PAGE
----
The late-summer surge of wildfires showed the importance of effective forest management. Washington’s Department of Natural Resources controls 3 million acres of state forestland, much of which has become a perennial fire risk. In her first term, Commissioner of Public Lands Hilary Franz has strongly advocated for better forest management and firefighting resources. She deserves a second term. 

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Franz, a Seattle environmental attorney and Democrat, has shown an impressive grasp of the urgency and complexity of wildfire defense. She created a landmark 10-year strategic plan for how Washington should ramp up fire prevention and response. Legislators validated the work by ramping up DNR’s wildfire funding to $50 million for the biennium. The annual cost of fighting these immense fires tops $150 million on average. The full cost is far greater, when destroyed homes and businesses and far-reaching public-health consequences are factored in.

“This isn’t a question of whether we’re going to pay for it or not,” she said in an interview. “We’re already paying for it.”

It makes sense to invest in preventing that growing danger, as Franz has done. DNR workers have treated 115,000 acres of Washington forestland for fire safety since she took office; in the eight years prior, the agency had culled 30,000 acres of dead and sick trees.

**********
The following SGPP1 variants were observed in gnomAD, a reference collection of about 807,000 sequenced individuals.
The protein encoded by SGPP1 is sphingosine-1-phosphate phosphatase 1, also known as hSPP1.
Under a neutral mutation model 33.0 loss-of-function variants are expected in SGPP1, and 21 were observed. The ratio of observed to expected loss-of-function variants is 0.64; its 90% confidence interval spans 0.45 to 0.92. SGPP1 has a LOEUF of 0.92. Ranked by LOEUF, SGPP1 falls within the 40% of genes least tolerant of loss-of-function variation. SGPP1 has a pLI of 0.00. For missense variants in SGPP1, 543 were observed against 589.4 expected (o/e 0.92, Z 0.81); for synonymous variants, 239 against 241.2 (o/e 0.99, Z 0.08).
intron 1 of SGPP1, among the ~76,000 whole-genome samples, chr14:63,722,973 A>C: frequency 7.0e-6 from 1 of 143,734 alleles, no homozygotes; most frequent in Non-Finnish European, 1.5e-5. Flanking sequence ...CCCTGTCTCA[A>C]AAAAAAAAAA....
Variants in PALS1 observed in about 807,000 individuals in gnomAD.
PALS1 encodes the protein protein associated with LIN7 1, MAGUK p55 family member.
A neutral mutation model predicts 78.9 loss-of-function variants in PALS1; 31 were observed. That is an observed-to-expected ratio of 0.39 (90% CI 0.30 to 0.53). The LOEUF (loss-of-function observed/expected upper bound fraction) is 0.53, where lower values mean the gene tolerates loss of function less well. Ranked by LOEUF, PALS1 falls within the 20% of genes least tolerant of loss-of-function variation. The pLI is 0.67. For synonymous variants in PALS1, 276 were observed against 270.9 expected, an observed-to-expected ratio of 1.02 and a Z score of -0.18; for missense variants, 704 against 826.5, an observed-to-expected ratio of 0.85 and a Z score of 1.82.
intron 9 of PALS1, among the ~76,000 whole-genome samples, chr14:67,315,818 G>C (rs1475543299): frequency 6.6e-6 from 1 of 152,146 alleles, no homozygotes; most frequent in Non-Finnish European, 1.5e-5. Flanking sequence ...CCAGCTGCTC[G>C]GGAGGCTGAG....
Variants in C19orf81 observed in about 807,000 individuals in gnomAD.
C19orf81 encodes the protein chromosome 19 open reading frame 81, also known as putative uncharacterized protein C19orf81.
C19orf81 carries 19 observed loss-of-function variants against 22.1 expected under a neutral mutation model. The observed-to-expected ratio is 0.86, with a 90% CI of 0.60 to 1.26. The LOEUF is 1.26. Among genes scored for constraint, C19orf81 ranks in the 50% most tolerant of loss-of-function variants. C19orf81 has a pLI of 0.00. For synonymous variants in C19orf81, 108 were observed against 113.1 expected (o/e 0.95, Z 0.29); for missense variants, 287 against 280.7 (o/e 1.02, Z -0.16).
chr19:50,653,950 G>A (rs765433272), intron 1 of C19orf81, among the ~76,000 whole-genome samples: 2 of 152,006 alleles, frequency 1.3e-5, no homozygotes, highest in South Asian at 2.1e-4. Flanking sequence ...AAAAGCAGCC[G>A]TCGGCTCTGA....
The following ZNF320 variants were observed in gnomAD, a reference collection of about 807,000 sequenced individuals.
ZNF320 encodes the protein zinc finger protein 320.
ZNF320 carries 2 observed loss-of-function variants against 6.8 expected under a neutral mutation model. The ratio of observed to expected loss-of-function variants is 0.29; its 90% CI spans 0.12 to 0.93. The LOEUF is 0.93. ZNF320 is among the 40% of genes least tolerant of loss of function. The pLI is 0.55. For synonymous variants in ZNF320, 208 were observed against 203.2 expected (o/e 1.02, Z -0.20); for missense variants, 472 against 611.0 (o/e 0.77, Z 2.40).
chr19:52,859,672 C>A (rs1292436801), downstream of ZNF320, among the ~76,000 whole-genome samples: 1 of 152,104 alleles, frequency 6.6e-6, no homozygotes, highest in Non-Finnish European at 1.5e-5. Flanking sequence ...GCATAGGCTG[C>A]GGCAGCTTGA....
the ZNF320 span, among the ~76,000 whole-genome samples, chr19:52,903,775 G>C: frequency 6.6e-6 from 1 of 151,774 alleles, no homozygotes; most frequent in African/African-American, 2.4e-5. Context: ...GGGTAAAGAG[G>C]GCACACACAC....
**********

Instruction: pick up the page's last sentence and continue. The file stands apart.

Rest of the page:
But Washington has nearly 20 million acres of forests that aren’t state-owned, about 40% of which is under federal control. Here, too, Franz has made strides for Washington by brokering an agreement for state fire-prevention crews to cross into federal woodlands. Fire is no respecter of property lines, and DNR crews should have full leeway to work efficiently.

Franz has confronted other agency dilemmas as well. To defend Puget Sound’s health, she terminated leases of a fish-farm operator whose nets collapsed, releasing hundreds of thousands of nonnative salmon. She struck a bargain in setting aside 37,000 acres of DNR land for the endangered marbled murrelet, a deal that pleased neither environmentalists — who wanted more — nor timber interests including local governments. Franz was right not to shirk her duties in either case, even though lawsuits were inevitable.

But her first term at the helm of a state agency has shown she still has room to grow as a leader. DNR’s transparency has suffered on her watch. The agency’s annual reports and mill surveys contain important information to assess how well public money is being spent and how DNR timber sales are going. Yet none of this information has been updated on DNR’s web site in years.

Franz’s challenger, Republican biologist Sue Kuehl Pederson, does not have a credible grasp of forest conservation, especially with regard to long-term needs. Voters should elect Franz again.